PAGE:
Finding a New Market for Plantains

Program works with farmers to ensure quality crop management and processing.
Program works with farmers to ensure quality crop management and processing.
USAID/Jan Howard

The southern state of Rivas is the traditional home for Nicaragua’s plantain fields, where more than 50,000 acres are under cultivation. But neglected fields produced small yields and undersized fruit. And in recent years, local prices have declined, making the U.S. market — with a sales potential of 12 million pounds a year worth $3 million — an attractive alternative that could increase local incomes and provide more jobs.

A USAID-funded program is working with 49 Rivas plantain producers to help them enter the U.S. market. The program, which has already generated 200 new jobs, helps farmers meet export standards through better crop management and processing. In addition, trained personnel ensure quality and sanitation control in a packing plant financed, constructed and supervised by the USAID program.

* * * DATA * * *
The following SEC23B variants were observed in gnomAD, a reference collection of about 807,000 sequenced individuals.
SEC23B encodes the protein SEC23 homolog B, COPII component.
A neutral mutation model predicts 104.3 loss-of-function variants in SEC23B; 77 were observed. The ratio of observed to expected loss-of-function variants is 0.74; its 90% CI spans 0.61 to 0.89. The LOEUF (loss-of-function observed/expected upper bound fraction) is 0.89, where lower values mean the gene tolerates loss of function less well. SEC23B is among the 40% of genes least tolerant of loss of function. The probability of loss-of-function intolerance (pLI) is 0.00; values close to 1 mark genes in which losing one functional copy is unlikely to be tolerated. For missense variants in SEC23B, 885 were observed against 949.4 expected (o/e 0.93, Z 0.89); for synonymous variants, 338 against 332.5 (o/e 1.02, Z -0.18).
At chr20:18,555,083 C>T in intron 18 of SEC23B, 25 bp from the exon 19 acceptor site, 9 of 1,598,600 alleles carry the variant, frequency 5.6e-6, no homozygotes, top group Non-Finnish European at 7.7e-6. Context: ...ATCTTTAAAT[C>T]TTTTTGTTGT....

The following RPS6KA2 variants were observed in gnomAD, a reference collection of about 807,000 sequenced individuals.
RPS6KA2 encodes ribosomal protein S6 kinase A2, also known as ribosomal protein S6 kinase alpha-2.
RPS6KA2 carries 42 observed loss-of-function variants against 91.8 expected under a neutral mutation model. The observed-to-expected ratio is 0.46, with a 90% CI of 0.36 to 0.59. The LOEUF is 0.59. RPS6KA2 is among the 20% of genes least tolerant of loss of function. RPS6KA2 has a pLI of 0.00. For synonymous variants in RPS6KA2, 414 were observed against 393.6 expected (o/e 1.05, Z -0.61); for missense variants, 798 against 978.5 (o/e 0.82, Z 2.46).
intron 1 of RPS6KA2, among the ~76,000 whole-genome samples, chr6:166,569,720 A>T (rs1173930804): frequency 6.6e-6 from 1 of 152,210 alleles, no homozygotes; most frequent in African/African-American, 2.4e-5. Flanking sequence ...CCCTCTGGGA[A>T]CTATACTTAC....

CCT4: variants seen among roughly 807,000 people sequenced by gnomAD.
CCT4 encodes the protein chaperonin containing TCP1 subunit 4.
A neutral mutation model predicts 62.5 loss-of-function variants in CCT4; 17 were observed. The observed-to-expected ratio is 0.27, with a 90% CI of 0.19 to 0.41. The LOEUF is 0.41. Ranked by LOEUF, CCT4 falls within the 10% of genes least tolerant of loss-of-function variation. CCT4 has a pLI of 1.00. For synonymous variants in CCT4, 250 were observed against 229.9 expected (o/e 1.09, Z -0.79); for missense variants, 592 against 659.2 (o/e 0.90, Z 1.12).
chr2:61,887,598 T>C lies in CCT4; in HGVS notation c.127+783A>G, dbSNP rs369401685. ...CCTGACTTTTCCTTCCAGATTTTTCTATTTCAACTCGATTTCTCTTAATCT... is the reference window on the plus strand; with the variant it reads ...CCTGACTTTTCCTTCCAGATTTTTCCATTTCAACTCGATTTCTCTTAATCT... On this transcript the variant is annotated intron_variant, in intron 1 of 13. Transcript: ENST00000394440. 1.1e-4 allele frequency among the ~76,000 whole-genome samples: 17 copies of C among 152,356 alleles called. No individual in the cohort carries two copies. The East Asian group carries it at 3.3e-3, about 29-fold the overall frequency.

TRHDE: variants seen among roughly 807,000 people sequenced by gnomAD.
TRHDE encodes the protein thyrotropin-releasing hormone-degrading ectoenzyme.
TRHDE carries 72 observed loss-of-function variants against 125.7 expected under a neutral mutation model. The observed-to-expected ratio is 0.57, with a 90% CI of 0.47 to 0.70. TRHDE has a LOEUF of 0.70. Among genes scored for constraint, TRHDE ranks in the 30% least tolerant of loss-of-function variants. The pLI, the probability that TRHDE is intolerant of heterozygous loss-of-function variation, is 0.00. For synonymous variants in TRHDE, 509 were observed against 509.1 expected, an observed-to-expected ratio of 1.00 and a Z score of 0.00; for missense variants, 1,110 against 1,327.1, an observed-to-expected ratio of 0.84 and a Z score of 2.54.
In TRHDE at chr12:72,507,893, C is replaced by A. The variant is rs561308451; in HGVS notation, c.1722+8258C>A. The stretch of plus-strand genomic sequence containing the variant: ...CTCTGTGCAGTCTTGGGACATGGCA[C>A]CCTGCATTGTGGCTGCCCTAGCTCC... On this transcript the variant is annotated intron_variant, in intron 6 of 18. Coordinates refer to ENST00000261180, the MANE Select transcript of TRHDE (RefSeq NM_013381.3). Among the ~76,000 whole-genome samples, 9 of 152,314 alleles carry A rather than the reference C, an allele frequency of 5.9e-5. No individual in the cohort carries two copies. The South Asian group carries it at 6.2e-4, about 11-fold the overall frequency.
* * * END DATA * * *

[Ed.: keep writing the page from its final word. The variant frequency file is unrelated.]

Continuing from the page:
In May 2004, the first container of Nicaraguan plantains was shipped to Miami. Now more than 80,000 pounds of Nicaraguan plantains are exported weekly to the United States, destined for markets in Miami, Tampa, Chicago, Houston, New York, and Washington, DC. With the inauguration of a second processing and packing plant in November 2004, exports are expected to eventually climb to 160,000 pounds a week, creating 300 more jobs.

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Last updated: October 24, 2013

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